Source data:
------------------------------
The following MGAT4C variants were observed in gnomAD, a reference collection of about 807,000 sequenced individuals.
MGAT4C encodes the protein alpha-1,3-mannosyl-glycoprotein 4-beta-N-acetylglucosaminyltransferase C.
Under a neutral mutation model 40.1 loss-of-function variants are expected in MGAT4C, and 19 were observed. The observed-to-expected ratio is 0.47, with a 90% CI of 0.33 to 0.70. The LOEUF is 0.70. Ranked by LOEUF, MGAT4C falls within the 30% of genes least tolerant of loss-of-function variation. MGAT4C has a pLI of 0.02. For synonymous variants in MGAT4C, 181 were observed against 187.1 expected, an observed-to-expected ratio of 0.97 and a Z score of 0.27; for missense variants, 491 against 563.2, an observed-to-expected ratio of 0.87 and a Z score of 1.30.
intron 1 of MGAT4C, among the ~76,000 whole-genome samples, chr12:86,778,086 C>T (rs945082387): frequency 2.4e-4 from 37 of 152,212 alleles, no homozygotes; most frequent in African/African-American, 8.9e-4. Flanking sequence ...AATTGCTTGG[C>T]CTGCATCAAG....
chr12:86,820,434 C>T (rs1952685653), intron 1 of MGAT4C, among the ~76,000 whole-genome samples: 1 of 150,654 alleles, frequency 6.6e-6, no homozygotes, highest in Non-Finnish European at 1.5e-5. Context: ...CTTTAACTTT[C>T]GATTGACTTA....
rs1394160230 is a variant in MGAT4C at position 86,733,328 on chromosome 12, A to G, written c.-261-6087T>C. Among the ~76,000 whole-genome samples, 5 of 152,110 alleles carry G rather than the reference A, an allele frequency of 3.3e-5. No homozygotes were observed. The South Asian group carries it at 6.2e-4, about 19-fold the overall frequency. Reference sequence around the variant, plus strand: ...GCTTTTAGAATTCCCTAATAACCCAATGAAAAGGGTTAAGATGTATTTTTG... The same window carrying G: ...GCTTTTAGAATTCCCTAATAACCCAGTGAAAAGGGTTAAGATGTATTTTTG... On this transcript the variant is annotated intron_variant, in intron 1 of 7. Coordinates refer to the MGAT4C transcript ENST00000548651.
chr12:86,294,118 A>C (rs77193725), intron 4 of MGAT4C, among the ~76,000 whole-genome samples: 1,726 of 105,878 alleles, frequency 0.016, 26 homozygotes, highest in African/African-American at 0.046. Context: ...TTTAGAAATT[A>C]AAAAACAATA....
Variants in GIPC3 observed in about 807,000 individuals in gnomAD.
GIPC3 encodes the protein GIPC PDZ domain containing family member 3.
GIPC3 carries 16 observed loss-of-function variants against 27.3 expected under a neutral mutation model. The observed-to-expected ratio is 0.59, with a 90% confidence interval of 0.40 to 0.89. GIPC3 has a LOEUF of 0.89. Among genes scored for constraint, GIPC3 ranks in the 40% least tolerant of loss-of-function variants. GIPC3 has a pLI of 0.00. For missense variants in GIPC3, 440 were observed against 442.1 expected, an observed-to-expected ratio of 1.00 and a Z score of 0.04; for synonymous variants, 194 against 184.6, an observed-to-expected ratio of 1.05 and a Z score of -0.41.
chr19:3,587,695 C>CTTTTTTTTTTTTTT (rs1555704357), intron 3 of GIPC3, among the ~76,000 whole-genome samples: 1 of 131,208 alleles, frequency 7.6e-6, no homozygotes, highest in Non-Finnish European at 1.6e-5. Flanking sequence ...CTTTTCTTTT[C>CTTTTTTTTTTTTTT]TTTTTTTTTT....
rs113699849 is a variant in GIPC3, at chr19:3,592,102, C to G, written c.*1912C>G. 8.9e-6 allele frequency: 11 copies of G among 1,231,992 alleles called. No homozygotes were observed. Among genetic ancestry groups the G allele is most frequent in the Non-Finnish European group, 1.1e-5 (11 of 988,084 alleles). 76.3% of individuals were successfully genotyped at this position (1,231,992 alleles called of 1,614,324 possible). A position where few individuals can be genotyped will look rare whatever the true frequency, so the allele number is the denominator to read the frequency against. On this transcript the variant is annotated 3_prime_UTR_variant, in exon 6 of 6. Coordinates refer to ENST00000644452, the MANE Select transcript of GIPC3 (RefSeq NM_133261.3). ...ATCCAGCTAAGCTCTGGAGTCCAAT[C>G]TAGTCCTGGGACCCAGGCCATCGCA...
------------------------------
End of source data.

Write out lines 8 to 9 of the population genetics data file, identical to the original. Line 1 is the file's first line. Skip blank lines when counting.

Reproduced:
Variants in GIPC3 observed in about 807,000 individuals in gnomAD.
GIPC3 encodes the protein GIPC PDZ domain containing family member 3.